Thursday November 29th


US stock futures pull back after Dow notched strong triple-digit gain on Wednesday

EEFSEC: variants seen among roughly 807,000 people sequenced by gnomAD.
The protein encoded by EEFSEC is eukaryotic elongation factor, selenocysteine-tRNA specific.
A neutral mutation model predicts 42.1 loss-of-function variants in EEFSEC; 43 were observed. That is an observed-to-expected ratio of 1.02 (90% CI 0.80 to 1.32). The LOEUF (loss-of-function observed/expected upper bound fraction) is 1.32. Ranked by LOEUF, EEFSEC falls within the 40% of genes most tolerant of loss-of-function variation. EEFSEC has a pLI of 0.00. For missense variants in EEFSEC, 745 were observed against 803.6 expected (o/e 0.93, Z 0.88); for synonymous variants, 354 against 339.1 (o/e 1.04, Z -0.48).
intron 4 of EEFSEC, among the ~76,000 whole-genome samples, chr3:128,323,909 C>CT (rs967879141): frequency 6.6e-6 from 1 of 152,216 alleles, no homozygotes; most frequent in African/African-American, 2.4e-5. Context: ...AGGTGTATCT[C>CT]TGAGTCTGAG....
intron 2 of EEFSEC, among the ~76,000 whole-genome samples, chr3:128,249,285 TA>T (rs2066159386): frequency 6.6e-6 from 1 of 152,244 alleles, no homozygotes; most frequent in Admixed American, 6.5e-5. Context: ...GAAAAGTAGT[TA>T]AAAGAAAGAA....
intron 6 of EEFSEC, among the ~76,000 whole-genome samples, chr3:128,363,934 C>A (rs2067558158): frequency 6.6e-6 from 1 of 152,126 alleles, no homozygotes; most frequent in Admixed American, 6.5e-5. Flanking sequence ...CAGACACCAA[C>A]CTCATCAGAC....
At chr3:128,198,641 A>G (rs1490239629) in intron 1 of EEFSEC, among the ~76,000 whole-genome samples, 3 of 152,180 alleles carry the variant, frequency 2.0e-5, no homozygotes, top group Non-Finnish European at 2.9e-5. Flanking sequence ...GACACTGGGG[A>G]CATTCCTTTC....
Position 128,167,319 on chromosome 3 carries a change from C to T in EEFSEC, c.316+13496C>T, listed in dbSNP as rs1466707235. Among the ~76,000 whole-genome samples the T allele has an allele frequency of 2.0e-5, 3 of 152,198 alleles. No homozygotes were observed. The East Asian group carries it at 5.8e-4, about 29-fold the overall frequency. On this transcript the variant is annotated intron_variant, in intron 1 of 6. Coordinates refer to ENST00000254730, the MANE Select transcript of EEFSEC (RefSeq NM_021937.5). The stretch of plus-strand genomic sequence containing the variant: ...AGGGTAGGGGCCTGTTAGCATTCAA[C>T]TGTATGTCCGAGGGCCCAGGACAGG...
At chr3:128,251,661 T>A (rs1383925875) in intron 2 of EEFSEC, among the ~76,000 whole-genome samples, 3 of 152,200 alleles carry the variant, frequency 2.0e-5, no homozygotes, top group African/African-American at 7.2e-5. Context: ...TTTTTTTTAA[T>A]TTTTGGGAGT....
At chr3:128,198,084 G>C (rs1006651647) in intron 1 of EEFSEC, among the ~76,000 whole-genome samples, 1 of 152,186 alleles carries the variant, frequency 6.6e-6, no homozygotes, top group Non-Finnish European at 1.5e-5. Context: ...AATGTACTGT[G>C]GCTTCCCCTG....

U.S. stock index fell ahead of Thursday's open as investors took a breather following a massive rally in the previous session. At around 8:21 a.m. ET, Dow Jones Industrial Average futures slipped 19 points, indicating a decline of 38.43 points at the open. Futures on the S&P 500 and Nasdaq 100 also signaled declines at the open. Wall Street saw a stellar session on Wednesday, with the Dow Jones Industrial Average closing up over 600 points following a speech by the chair of the Federal Reserve. On Wednesday, Jerome Powell said at an event in New York that he deems the Fed's benchmark interest rate to be close to a neutral level; which marks a step away from comments made in recent months. Back in October, Powell stated that the U.S. was a "long way" from hitting neutral, when it came to interest rates — which indicated to markets that more rate hikes were on the horizon. Consequently, Powell's comments on Wednesday caused stocks to rise both domestically and overseas. Sticking with the U.S. central bank, minutes from the last Federal Open Market Committee meeting, which took place earlier this month, are due out at 2 p.m. ET. Investors will be keeping a close eye on this release, to see if there are any further clues as to where monetary policy is heading. A number of Fed officials are also slated to speak in Boston, Massachusetts on Thursday. Elsewhere, investors continue to look ahead to a G-20 summit in Argentina, which takes place this Friday and Saturday. Trade relations between the U.S. and China will be a key topic up for discussion, especially since both nations' leaders will be attending the event. Asia markets traded mostly higher on Thursday ahead of a crucial meeting between President Donald Trump and Chinese leader Xi Jinping, which many are hoping would help ease trade tensions between the U.S. and China. Japan's Nikkei 225 rose 85.58 points, or 0.39 percent, to 22,262.6 while the Topix index added 5.81 points, or 0.35 percent, to 1,659.47. South Korea's Kospi was higher by 5.88 points, or 0.28 percent, to 2,114.1. Greater China markets lost their early momentum and declined in the afternoon: The Shanghai composite gave up gains to close down 34.29 points, or 1.32 percent, at 2,567.44 while the Shenzhen composite was off by 29.94 points, or 2.2 percent, to 1,325.43. Hong Kong's Hang Seng index fell 0.93 percent in late afternoon trade. Oil fell on Thursday, bringing losses for the month so far to 23 percent, marking its largest one-month fall since the depths of the financial crisis in 2008. A seemingly relentless rise in U.S. crude supply, together with Saudi Arabia's insistence that it will not cut output on its own to stabilise the market, wiped out overnight gains in oil futures. Brent crude futures fell 64 cents on the day to $58.12 a barrel, off an earlier session high of $59.51, while U.S. crude futures dropped below $50 for the first time in over a year. The January contract was last down 40 cents at $49.89. Gold prices firmed on Thursday as the dollar faltered following dovish comments from U.S. Federal Reserve Chair Jerome Powell, calming investor concerns over the pace of rate hikes. Spot gold was up 0.4 percent at $1,225.34 per ounce at 0700 GMT. Prices climbed about 0.6 percent on Wednesday, their biggest one-day percentage gain since Nov. 16. U.S. gold futures were up 0.1 percent at $1,225.1 per ounce.